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Voices ᐋ ᐄᔮᔨᐧᒫᓂᐧᐃᒡ

The heart of home

BY Will Nicholls Aug 30, 2022

It was a last-minute decision to take a needed vacation. My brother Donny called to say he was heading back to Mistissini for the week. Would my son Declan and I want to come? 

It was a resounding yes from both of us. For months, every time Declan saw a plane in Montreal’s sky he would always say, “Daddy, can we go north? We go north?” I would say that we would go soon but Covid and other problems made this more difficult than it should have been in the past two years.

Everyone needs vacations. For many Cree down south, that means going back to Eeyou Istchee, the land we have inhabited beyond the limits of recorded memory. After all, one of our teachings tells how to kill a mammoth. 

Declan wants that connection just as much as any other Indigenous person belonging to the land. He told me once that he wants to hunt and kill a moose. I explained that, at six-and-a-half years old, he wasn’t ready. He would have to start with time-honoured lessons on how to hunt responsibly. He said, “Maybe a rabbit?”

My brother and a good friend, being both well-trained in this, began Declan’s hunting lessons by making sure everyone was safe in these activities. It’s the way we were taught as people who draw sustenance from our lands and who keep a strong connection with it.

His trip to Mistissini was also about connecting with family and the community. We are a welcoming and caring people. When you meet us, we start incorporating you and your story into ours. By being there, you become a part of a very large family who will anxiously await another visit and to watch you reach milestones in your life. 

It’s impossible to overstate the importance of Cree children being able to go back to their communities and extended families to make these bonds. It’s vital that they learn their identity, culture, language and people.

Declan also wanted to go fishing. My uncle Don loaned us a canoe and for the first time in many moons, I took a canoe on my shoulders and carried it to the water. My steps were not as sure as they were in the past. Without asking, Declan helped to carry stuff to the canoe. It would be his first fishing trip in Eeyou Istchee. Surprisingly, I paddled for two hours.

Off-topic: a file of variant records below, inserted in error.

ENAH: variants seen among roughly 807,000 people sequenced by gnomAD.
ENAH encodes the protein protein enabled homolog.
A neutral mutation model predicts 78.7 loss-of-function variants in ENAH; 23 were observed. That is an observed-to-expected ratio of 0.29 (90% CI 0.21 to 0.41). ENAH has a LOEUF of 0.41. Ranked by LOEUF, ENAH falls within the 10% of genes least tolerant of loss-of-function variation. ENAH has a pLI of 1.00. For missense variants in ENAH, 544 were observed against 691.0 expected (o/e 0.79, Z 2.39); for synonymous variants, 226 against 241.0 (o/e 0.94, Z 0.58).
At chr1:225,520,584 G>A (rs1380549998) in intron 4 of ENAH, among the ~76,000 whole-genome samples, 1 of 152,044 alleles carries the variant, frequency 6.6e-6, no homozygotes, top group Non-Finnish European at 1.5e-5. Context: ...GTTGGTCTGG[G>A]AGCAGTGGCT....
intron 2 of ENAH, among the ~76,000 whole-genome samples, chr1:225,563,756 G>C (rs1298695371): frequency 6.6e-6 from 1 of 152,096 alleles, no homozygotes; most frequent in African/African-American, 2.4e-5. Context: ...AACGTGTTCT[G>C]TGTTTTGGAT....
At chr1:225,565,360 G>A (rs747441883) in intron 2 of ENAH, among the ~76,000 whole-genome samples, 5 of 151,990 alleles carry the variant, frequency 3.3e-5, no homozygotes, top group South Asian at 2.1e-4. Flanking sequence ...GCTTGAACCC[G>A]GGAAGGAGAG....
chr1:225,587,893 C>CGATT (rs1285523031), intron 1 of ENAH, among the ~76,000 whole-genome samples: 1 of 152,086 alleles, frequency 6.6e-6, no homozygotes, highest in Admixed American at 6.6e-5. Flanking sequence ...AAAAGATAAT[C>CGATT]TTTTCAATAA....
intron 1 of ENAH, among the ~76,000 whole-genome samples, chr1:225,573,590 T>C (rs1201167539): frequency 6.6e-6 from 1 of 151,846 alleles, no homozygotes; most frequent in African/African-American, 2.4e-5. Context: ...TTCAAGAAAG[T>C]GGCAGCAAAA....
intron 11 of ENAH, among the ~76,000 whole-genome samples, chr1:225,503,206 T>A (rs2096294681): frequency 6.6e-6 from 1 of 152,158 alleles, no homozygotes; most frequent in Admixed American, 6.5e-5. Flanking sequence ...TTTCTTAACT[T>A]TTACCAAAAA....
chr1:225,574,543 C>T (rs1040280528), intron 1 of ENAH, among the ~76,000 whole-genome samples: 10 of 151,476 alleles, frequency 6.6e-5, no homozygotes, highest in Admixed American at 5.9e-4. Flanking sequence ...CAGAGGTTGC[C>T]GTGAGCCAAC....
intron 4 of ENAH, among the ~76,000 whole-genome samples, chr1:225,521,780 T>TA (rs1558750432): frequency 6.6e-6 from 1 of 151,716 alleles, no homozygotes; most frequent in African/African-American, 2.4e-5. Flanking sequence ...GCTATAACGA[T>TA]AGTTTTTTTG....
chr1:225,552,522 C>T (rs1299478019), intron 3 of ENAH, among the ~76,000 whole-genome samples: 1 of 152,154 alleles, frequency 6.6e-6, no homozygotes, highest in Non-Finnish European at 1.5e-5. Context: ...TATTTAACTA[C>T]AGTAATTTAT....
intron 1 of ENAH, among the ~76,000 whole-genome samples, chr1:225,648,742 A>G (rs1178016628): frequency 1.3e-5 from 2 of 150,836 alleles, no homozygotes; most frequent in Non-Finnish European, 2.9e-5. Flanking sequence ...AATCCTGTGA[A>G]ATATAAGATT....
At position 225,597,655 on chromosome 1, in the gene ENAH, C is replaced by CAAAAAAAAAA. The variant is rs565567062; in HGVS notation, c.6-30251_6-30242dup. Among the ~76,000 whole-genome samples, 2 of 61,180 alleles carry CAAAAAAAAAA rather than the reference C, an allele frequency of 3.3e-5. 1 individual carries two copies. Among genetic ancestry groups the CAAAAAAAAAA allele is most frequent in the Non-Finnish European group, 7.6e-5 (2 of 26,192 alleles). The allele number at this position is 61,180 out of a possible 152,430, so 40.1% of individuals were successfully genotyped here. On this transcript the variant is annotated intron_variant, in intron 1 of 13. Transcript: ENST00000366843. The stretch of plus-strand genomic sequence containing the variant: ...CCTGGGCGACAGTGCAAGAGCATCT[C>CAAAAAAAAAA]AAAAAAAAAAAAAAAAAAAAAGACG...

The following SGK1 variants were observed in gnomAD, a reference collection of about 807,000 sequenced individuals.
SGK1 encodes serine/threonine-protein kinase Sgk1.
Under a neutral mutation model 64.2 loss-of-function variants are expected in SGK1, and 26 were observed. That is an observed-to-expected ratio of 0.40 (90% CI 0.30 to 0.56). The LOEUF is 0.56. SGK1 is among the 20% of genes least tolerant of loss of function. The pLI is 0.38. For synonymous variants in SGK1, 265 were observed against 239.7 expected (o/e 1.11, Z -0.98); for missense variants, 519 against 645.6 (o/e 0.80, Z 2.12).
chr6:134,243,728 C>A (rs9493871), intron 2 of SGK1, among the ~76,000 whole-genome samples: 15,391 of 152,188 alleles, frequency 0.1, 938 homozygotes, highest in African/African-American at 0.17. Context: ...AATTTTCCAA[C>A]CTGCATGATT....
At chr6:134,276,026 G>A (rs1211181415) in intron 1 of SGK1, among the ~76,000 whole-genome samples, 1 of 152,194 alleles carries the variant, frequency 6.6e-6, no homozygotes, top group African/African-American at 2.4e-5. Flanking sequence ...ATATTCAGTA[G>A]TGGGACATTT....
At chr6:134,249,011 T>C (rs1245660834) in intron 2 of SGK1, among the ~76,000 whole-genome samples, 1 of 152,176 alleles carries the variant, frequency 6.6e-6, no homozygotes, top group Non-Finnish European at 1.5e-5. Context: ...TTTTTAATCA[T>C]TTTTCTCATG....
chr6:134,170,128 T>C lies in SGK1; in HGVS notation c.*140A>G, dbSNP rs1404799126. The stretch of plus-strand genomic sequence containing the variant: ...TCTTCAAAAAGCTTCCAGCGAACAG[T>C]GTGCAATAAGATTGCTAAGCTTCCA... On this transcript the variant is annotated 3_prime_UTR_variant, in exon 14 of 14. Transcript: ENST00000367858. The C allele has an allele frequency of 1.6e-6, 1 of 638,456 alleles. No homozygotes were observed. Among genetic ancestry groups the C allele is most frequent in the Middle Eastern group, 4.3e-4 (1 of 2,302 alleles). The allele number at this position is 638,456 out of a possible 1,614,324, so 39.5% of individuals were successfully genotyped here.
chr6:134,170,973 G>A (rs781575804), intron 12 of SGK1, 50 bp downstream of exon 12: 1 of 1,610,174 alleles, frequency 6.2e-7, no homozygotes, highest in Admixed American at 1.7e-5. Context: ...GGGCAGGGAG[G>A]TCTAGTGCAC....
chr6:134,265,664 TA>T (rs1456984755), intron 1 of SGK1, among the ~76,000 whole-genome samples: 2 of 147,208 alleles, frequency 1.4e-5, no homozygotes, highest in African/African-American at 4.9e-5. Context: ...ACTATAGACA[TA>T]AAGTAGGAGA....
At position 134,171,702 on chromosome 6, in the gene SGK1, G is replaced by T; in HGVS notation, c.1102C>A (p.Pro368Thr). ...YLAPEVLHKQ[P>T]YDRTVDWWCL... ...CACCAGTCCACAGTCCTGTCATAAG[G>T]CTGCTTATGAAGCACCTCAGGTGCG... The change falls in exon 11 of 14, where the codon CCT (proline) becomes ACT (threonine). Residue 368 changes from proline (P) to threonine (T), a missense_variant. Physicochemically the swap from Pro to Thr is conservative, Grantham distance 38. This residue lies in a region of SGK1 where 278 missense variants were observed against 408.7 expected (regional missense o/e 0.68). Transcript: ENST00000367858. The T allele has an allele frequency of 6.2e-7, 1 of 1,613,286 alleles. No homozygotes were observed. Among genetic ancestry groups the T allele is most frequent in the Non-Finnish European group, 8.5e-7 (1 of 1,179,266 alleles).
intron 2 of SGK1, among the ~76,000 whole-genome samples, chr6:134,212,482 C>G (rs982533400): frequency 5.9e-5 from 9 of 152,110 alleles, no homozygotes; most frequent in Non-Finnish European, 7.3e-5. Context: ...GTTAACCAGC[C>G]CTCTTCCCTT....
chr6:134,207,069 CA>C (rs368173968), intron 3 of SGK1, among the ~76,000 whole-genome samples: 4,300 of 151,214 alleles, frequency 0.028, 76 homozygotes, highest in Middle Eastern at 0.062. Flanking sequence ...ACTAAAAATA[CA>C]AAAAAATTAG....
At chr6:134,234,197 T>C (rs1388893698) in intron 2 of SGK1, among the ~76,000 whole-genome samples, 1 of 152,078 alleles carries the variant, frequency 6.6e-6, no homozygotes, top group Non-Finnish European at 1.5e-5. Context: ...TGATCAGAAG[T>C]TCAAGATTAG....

Declan had a new children’s rod to start and a few of his hooked fish almost make it to the boat. There were a few tears of frustration, but it was a start. With practice this will get easier, we told him. He will catch many fish. We were passing on important teachings with each step. 

Still, we brought home a nice walleye for supper that night. Uncle Don invited us for an amazing supper of his famous walleye nuggets. Declan loved playing with his cousins Phoenix and Ryder throughout the evening. 

Declan attended his first Mistissini Cree Nation annual general assembly. He met newly elected Chief Michael Petawabano, who reminded him he was also a cousin of his. He met many others, and some reminded me that my hair was the same colour at his age. The way a community remembers is amazing. Declan also heard Cree spoken throughout the proceedings and collected many gifts from the booths. He seemed to shine outside Montreal. 

Bringing our children home to learn what it means to be a Cree is incredibly important. They may get a different education in the city, but connecting with their culture, history and identity is priceless. I hope to be able to say yes many more times when he asks if we can we go north.

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Will Nicholls is a Cree from Mistissini. He started his career off in radio and is still one of the youngest radio DJ’s in Canadian history, having a regular show on CFS Moosonee at the age of 12. Will was one of the founding members of the Nation, and has been its only Editor-in-Chief.